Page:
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Toyota Files for ‘Celica’ Trademark Again and This Is Really Getting Old, Guys

Just bring it back already. Or don't. One or the other.

Over three years ago, in the summer of 2017, Toyota filed a trademark application for the Celica name at the U.S. Patent and Trademark Office. Exactly a year later, Masayuki Kai, the assistant chief engineer for the Toyota Supra project, said that while they all want to bring back both the MR2 and the Celica models, justifying new sports cars is only getting more difficult. In essence, their options will come down to the market’s response to what’s been their biggest priority, the Supra, jointly developed with BMW to manage costs.

Now, while not saying a ton about its other joint-venture sports car, its successor of the Subaru-powered 86, Toyota has filed yet another trademark claim at the PTO for the name Celica, as spotted by CarBuzz. Dated Jan. 15, 2021, it’s covering “Automobiles and structural parts thereof” this time around. Such a recurring development can mean very little, such as some sort of perhaps GR-powered special edition—more like a new branding phase for the Toyobaru—or if you’re optimistic enough to consider, even a new sports car continuing where the last Celica left off in over a decade ago.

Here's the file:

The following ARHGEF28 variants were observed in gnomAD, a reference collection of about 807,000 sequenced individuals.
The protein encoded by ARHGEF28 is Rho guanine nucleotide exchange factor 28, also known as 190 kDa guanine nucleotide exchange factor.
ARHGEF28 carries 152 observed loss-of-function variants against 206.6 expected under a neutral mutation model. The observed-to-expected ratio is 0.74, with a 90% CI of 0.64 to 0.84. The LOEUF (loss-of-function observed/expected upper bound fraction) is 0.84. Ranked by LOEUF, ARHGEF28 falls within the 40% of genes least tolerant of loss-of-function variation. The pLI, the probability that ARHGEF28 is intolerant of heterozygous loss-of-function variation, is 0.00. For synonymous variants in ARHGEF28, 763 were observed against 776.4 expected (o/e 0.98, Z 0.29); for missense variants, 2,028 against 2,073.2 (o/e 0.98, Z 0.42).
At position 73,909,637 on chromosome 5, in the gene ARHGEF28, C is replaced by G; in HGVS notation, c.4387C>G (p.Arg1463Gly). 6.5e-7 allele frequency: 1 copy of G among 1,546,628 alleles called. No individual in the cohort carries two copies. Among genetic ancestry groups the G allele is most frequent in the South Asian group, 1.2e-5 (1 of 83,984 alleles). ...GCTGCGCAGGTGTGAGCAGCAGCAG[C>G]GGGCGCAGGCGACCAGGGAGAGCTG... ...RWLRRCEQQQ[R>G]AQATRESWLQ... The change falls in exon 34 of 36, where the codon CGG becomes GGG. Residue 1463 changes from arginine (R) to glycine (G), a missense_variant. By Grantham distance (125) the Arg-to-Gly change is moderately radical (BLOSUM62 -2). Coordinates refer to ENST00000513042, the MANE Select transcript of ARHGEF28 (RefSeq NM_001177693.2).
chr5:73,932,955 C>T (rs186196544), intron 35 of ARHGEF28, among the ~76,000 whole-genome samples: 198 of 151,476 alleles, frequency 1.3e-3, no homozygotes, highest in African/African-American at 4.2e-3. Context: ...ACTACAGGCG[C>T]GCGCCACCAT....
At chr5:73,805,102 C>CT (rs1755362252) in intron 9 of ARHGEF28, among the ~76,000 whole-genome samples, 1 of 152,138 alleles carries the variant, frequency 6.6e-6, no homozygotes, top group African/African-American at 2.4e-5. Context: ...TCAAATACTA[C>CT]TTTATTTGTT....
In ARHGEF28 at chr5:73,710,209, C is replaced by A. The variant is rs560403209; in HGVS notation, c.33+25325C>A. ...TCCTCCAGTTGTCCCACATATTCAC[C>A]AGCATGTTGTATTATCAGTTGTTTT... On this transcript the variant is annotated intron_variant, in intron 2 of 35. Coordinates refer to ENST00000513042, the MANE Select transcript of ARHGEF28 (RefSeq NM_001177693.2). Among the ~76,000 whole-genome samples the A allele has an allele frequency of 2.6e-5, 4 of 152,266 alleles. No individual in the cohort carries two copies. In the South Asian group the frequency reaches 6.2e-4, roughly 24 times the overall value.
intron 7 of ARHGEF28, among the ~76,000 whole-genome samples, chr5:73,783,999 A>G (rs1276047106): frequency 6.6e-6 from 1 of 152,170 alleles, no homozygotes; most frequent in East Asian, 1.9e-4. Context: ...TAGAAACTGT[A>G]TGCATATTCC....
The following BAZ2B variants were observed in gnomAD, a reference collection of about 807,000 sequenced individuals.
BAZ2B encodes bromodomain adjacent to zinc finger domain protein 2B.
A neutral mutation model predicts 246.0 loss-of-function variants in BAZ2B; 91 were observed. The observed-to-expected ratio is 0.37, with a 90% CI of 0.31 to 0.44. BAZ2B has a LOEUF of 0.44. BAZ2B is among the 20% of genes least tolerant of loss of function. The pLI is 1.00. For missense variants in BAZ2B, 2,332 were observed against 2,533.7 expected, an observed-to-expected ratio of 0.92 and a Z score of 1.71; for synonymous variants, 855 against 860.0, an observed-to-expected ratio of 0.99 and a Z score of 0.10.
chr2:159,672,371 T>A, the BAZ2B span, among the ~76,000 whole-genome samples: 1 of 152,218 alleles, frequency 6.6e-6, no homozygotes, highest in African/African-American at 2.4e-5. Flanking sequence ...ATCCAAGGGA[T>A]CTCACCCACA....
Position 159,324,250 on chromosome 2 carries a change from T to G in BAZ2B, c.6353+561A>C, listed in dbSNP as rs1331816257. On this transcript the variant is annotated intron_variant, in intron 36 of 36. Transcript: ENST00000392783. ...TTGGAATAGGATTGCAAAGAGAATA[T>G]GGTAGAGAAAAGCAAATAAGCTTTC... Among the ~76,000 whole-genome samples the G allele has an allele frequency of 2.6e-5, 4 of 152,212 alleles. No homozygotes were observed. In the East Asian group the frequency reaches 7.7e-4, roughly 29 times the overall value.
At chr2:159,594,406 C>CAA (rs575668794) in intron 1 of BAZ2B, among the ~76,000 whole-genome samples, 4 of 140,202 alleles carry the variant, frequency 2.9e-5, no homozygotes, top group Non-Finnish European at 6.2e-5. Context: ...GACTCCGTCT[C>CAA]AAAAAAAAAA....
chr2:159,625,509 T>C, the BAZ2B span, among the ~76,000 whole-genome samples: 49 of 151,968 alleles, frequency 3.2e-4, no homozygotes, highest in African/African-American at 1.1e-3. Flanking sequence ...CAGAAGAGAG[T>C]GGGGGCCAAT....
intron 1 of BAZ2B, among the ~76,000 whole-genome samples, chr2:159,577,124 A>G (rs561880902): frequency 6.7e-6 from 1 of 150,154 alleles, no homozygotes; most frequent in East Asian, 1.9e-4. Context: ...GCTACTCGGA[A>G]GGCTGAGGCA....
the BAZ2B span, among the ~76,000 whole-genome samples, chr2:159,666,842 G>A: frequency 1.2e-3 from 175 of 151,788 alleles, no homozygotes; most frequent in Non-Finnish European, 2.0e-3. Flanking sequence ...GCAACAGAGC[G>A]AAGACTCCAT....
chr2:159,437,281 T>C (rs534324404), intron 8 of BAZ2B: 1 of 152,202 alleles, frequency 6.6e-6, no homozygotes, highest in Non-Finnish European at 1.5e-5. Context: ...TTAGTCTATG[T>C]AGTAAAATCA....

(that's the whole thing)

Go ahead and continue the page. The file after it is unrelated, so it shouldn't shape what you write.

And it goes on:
If Toyota would go further than simply retaining the right by using the Celica badge for something new, sticking it to a front-engine rear-drive car like the 2022 Subaru BRZ sibling could take our spirit all the way back to 1985 when the final third-generation rear-drive A60 Celica left Toyota City. That was the model Toyota’s European motorsport division turned into a proper Group B rally car, the GT-TS pairing a turbocharged twin-cam engine with a limited-slip differential. Four-wheel drive also came with the 1986 GT-Four, known as the 1988 Turbo All-Trac in America.

From 1971 until 2006 (or 2005 in America), the Toyota Celica granted millions with the thrills only affordable sports cars can provide. Rear-, all-, or front-wheel drive, it remained a compact punching above its weight, and a car that should finally make it out of the USPTO file cabinets for its grand revival.

We reached out to Toyota, and a company spokesperson declined to comment on speculation regarding future models. It’s possible and maybe even likely that this is simply a case of trademark protection, a common practice amongst OEMs to retain the rights to their most famous names. Still, it gives us hope that someday, sometime, Toyota could revive the Celica for a last-hurrah. We won’t hold our breath, just in case.

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